Magazine article Washington Report on Middle East Affairs

In Sixth Arab-Israeli War, Hezbollah Survives, Israel Loses, Bush Missing in Action

Magazine article Washington Report on Middle East Affairs

In Sixth Arab-Israeli War, Hezbollah Survives, Israel Loses, Bush Missing in Action

Article excerpt

A seminal moment in American history occurred 225 years ago when, in 1781, British Gen. Lord Charles Cornwallis surrendered with his troops at Yorktown, Virginia. A band was playing a tune of that era called "The World Turned Upside Down." And, in fact, the world did turn upside down and nothing was ever the same again in North America.

More than two centuries later, another momentous event has taken place and the world may also never be the same. After six Arab-Israeli wars, the forces of Hezbollah and its allies more than held their own against Israel's latest attack on Lebanon. The victory will be credited to Hezbollah secretary-general Sheikh Hassan Nasrallah, who not only is charismatic but also systematic in organizing his people to make things work in an area which has been notable for disorganization in the past.

The dispute started almost accidentally, when Hezbollah fighters killed three Israeli soldiers and captured two others. As it turned out, the Israelis had been planning an attack on Lebanon for at least a year in order to discourage Hezbollah incursions into Israel. The Hezbollah action came less than three weeks after a similar action in the Gaza Strip, when Palestinian militants tunneled into an Israeli military outpost just outside the Gaza border and killed two Israeli soldiers and captured another. Both Hezbollah and Palestinians insisted the soldiers would be returned in exchange for Israel's release of hundreds of the many thousands of prisoners it holds.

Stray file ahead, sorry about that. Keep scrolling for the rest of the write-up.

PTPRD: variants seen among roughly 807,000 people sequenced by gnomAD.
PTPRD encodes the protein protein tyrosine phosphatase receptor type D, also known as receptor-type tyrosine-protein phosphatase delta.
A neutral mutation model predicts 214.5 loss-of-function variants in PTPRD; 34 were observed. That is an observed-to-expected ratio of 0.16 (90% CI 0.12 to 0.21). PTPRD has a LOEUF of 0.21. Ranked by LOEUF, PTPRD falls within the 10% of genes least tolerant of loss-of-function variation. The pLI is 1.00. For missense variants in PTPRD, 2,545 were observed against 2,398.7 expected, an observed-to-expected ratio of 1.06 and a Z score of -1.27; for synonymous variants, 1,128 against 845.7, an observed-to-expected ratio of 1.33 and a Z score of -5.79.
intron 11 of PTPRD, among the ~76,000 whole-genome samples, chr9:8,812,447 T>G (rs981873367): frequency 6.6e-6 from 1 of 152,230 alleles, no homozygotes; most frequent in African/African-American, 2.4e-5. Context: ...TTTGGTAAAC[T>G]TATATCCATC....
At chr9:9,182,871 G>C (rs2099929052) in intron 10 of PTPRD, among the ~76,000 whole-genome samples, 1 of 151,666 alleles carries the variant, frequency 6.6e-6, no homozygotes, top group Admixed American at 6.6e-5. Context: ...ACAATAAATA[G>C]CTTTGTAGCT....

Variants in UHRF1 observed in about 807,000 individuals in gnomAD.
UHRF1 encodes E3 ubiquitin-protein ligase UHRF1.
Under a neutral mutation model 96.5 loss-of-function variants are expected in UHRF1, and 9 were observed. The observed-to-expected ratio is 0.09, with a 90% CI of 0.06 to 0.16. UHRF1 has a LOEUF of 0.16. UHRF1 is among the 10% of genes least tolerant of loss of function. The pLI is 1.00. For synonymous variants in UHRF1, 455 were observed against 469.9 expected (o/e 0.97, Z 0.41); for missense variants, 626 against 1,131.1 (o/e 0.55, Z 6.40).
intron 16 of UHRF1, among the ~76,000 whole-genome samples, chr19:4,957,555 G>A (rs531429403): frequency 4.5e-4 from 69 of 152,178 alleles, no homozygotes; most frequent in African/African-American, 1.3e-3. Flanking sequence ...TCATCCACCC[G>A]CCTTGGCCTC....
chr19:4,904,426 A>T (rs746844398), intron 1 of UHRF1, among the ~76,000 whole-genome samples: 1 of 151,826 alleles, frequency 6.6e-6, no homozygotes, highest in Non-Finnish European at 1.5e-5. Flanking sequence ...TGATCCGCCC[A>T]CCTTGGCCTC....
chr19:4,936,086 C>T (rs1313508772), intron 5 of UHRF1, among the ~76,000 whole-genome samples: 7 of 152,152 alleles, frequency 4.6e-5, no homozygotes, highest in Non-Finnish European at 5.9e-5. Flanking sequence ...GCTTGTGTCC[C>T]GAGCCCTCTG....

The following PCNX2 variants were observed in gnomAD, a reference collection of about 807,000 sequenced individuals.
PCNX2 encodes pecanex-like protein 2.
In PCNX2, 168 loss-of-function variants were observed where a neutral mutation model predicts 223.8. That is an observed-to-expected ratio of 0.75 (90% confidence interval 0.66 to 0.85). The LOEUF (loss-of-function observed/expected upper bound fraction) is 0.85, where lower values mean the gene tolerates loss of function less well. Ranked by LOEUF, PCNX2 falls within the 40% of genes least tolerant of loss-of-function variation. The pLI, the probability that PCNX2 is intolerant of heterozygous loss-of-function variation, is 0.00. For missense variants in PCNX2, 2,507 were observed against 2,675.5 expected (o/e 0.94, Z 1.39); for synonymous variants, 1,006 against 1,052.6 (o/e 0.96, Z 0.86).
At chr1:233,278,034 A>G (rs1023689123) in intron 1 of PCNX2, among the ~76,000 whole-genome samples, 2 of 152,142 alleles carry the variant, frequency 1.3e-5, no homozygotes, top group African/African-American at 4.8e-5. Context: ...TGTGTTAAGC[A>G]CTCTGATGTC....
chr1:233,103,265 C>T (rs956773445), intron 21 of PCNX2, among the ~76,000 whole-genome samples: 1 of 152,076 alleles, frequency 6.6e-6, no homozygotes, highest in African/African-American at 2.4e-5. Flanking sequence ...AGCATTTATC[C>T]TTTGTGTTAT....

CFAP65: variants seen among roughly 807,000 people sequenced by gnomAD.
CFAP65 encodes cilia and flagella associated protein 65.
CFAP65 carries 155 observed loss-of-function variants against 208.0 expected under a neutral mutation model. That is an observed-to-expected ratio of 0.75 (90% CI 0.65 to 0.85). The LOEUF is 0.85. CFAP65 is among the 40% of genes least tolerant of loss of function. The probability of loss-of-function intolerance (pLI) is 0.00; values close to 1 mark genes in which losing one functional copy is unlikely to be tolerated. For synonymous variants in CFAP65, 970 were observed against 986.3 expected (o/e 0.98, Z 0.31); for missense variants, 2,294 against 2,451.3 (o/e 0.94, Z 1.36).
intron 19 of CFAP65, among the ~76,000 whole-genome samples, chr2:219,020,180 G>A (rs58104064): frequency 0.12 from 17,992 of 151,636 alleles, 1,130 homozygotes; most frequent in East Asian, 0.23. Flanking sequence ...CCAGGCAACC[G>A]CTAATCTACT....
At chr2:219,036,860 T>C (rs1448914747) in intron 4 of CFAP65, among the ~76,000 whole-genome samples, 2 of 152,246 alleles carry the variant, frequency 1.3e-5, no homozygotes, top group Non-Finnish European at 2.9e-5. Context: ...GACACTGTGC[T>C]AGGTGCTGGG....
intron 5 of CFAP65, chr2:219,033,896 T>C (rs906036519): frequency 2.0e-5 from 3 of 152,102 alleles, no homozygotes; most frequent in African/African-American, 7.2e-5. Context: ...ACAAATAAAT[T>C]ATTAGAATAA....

Given the politics of both occasions it cannot be ascertained whether the prisoner exchanges will take place promptly or whether the incidents will have unhappy endings.

In the 34 days of fighting in Lebanon that began July 12, Israel intended to score a large and unmistakable series of victories over the Arabs. Prime Minister Ehud Olmert had expected the Israeli assault to quickly destroy the area between Israel and Lebanon's Litani River (see October 2006 Washington Report, p. 21).

Israeli troops launched attacks on the Mediterranean port of Tyre in the west to Bint Jubail in the east. Things did not go as planned, however. Sometime before they reached even three kilometers into Lebanon, the Israelis were stopped by fierce resistance from well-prepared Hezbollah positions. "If you are waiting for a white flag coming out of the Hezbollah bunker, I can assure you it won't come," said Brig. Gen. Ido Nehushtan of the Israeli army's general staff.

Instead of moving forward, Israel's Markava tanks were mired in frequent ambushes, so that instead of moving forward, the Israelis found themselves fighting for their lives. With total command of the air, the Israeli air force expected to rule the skies of Lebanon unchallenged. But the Hezbollah fighters were undeterred.

In the early days of fighting, an Israeli warship off the coast of Lebanon was severely damaged when it was hit by a Hezbollah rocket. This set off wild celebrations around Beirut, many of whose residents were able to see the attack from their windows.

One of Israel's most devastating assaults was on the biblical town of Qana, where more than 10 years ago many neighboring villagers who had sought shelter at the U.N. post there were killed in an Israeli air strike. Killed in Israel's latest bombardment were 51 civilians, 22 of them children, stranded in their town because Israel had bombed the roads leading north.

Meanwhile, U.S. President George Bush, who had promised the Israelis an interval to eliminate Hezbollah, found the Israelis begging for more time, as world public opinion demanded a halt to the hostilities. At last, secretary of State Condoleezza Rice called for a temporary cease-fire. After a day and a half, however, the Israelis started fighting again. Finally, on Aug. 11, the United Nations security Council voted for a cease-fire, which went into effect three days later.

An estimated 1,200 Lebanese, most of them civilians, had been killed, while 117 Israeli soldiers and 41 civilians died in combat and from Hezbollah rocket fire. …

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